Dropbox offers mobile apps for every major mobile OS, including iOS, Android, and Blackberry. A couple of interesting functionalities offered are:
- Access and navigate files from Dropbox accounts directly
- Photos taken using a mobile camera can easily be saved directly to Dropbox account
- Bookmaking facility to store files for offline access
- Business users can connect both their personal and work Dropbox accounts but with a separate access system from the same app
In Feb 2015, Dropbox released an update that will allow users to easily open any shared link within the app itself.
Google Drive offers mobile apps for both Android and iOS that help preview more than 40 popular file formats with Drive such as images, videos, PDFs, and MS Office documents and spreadsheets without any additional charges or software. Further, users can edit any files within the app itself.
In March 2015, Google announced an auto-backup feature for the images stored locally on iOS devices. This feature will help Google Drive users to better control their iOS-powered photo management setup.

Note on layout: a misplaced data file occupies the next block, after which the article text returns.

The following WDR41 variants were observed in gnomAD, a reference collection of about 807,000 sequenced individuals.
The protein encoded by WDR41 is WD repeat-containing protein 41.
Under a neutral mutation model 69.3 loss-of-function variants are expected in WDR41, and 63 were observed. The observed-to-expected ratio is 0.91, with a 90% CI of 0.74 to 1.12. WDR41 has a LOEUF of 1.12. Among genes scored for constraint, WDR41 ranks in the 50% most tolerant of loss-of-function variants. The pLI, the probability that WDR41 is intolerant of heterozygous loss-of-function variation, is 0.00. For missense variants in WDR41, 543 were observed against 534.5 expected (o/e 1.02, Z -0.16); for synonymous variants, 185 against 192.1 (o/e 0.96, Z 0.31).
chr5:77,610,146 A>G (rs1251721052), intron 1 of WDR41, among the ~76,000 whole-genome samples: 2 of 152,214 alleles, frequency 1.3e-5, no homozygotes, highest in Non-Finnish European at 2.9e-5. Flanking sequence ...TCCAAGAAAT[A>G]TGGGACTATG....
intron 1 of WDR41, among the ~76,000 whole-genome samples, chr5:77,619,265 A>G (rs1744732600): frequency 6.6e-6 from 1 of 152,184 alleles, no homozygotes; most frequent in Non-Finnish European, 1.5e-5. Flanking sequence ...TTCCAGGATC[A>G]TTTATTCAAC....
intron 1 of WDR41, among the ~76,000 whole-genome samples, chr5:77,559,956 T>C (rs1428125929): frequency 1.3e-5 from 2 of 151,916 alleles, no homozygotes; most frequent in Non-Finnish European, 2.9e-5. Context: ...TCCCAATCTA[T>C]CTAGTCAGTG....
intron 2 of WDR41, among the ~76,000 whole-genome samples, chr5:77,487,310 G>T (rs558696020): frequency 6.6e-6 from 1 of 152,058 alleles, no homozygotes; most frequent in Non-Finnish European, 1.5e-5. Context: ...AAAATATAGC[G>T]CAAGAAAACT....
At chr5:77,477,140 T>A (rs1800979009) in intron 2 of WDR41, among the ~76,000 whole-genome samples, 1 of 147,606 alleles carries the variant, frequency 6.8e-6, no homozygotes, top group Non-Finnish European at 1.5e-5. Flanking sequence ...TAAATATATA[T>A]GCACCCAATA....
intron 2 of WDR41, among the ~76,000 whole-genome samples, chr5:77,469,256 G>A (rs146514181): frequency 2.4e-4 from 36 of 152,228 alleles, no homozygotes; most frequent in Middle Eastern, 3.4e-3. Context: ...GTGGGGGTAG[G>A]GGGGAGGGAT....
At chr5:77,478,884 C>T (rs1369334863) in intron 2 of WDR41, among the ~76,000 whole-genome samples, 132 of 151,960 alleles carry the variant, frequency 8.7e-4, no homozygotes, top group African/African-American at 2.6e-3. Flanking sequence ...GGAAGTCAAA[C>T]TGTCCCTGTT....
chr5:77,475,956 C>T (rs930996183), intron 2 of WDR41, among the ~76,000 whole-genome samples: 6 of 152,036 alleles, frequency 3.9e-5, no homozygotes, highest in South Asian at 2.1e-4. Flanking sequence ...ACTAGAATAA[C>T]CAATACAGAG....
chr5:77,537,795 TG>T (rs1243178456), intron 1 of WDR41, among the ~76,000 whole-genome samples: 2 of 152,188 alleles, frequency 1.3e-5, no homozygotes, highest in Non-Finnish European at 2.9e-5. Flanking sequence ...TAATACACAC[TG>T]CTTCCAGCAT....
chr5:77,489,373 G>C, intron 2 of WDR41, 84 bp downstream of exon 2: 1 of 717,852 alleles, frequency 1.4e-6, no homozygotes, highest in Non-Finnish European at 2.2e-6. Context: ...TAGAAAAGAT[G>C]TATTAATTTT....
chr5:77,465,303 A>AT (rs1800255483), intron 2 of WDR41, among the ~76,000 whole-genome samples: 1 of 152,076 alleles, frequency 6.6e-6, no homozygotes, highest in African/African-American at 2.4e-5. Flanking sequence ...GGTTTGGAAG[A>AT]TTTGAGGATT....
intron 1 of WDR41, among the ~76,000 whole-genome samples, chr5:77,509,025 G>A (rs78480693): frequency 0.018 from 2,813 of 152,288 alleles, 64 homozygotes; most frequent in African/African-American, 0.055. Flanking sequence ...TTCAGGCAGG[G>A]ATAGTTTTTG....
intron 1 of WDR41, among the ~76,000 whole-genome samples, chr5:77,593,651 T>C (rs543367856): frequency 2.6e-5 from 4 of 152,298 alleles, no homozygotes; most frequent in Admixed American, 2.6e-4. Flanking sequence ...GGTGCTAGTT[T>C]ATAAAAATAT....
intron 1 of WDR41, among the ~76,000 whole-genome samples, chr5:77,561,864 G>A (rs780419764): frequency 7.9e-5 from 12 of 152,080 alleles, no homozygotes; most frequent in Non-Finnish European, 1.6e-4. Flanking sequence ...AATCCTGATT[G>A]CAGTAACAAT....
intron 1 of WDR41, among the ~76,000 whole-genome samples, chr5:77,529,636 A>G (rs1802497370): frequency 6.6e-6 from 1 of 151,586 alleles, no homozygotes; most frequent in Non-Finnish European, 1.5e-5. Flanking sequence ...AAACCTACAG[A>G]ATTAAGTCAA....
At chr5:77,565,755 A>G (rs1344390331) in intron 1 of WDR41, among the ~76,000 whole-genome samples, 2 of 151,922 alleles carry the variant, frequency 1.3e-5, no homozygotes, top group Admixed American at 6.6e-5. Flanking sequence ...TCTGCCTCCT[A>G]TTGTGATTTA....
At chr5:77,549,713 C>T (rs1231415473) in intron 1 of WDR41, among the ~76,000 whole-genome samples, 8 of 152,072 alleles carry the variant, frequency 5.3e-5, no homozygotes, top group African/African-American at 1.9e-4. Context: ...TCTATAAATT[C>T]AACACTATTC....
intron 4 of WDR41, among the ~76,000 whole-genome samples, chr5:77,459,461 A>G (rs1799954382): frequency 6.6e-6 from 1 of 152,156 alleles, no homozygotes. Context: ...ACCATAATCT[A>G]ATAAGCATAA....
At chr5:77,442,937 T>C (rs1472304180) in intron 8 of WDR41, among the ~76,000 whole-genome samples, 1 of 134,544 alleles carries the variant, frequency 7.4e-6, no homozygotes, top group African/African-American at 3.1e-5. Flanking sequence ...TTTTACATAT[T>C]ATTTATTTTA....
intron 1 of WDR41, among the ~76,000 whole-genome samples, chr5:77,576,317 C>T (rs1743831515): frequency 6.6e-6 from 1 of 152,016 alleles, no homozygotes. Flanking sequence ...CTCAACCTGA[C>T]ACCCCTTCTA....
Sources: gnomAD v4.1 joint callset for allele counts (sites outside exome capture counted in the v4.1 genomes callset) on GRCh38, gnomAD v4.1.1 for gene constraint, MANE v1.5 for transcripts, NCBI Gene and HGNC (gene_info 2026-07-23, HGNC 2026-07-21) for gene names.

It also launched a new feature for Android that will help share recently uploaded content directly from the notification that appears as soon as the upload is completed.
A recent update from Google, which was just announced last week on Google I/O is new service called Google Photo, which offers unlimited storage for your photos and videos. Each photo uploaded to Google Photos is immediately backed up on Google’s servers and can sync with your Google Drive account. After uploading a photo, Google Photos brings your most recent upload to the top of the app, making it easy to find the last photo you captured. In an effort to get everyone to use Google Photos, Google also announced that the service and app features free “unlimited storage”, allowing you to upload as many photos and videos as you’d like.
This new service is definitely a game changer in the competition vs Dropbox which dream was becoming your one-stop storage destination.
No matter which service you choose, keep in mind that even though it is in the cloud, you still need to backup your data online, especially if you are an IT manager responsible for your company’s online data. Read more on how to prevent data loss in the cloud HERE.